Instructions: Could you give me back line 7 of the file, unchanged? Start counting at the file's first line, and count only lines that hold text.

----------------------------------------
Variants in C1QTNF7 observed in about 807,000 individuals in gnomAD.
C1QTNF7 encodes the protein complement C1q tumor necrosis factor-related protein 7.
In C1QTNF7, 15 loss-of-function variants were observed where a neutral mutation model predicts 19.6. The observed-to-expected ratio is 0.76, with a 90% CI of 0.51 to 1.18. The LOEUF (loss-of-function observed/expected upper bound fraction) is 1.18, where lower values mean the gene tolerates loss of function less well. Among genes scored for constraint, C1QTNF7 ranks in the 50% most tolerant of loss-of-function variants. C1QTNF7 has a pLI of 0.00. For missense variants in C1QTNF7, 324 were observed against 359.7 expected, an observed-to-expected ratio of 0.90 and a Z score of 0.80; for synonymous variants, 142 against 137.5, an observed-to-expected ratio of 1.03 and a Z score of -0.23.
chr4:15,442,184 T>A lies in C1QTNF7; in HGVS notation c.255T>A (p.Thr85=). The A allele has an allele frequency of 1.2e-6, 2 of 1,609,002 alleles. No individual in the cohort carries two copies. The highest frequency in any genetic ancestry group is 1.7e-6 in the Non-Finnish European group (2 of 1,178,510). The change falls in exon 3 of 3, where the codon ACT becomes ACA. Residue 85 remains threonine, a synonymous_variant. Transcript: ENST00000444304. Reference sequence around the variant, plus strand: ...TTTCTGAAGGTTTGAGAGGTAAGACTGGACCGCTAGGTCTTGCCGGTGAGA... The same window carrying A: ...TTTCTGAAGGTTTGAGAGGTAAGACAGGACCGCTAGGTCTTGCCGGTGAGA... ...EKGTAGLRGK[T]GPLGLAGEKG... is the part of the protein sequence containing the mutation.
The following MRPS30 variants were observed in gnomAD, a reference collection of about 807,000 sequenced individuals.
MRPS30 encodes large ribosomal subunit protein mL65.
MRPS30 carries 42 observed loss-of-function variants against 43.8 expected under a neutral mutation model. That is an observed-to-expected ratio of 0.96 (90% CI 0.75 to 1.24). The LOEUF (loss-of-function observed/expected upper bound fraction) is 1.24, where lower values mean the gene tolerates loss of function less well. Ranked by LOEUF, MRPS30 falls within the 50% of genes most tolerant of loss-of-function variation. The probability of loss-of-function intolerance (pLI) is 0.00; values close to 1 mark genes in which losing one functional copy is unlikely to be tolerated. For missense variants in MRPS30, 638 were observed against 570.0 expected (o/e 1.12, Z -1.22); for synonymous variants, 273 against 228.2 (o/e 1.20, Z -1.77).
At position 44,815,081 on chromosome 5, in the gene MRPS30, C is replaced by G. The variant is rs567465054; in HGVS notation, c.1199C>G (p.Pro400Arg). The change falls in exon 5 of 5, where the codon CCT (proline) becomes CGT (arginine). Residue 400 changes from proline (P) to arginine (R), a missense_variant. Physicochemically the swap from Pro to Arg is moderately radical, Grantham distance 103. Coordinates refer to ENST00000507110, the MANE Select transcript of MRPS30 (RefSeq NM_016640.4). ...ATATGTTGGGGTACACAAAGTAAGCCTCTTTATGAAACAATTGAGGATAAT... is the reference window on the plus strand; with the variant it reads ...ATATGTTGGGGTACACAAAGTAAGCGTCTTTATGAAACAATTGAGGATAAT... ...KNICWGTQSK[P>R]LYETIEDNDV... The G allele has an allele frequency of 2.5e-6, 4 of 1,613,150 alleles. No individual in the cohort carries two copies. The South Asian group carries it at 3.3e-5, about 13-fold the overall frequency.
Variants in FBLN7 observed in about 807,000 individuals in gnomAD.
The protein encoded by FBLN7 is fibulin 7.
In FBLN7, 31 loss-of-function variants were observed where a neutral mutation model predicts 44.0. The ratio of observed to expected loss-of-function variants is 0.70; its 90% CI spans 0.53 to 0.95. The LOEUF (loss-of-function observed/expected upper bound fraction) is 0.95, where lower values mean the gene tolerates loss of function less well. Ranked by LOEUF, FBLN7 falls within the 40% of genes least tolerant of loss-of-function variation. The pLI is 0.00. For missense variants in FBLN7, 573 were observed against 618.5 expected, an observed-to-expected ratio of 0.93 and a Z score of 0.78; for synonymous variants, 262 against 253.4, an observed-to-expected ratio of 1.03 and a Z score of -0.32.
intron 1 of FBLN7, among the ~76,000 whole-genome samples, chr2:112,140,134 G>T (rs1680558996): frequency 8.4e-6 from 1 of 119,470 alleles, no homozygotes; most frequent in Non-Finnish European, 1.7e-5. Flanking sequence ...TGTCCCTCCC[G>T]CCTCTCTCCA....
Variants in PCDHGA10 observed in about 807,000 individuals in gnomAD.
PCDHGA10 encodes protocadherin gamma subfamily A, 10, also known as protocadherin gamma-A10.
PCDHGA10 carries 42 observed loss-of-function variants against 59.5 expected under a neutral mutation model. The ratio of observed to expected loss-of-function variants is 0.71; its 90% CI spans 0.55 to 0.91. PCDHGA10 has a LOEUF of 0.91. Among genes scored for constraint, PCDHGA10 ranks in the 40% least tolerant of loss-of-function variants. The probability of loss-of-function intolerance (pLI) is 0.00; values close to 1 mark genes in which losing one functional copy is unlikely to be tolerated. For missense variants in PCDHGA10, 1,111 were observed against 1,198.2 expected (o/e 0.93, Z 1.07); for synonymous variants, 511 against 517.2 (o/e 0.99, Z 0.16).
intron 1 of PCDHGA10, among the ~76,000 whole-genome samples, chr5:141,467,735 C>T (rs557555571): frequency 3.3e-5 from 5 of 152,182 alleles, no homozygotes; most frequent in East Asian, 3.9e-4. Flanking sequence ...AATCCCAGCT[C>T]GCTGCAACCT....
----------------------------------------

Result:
MRPS30 carries 42 observed loss-of-function variants against 43.8 expected under a neutral mutation model. That is an observed-to-expected ratio of 0.96 (90% CI 0.75 to 1.24). The LOEUF (loss-of-function observed/expected upper bound fraction) is 1.24, where lower values mean the gene tolerates loss of function less well. Ranked by LOEUF, MRPS30 falls within the 50% of genes most tolerant of loss-of-function variation. The probability of loss-of-function intolerance (pLI) is 0.00; values close to 1 mark genes in which losing one functional copy is unlikely to be tolerated. For missense variants in MRPS30, 638 were observed against 570.0 expected (o/e 1.12, Z -1.22); for synonymous variants, 273 against 228.2 (o/e 1.20, Z -1.77).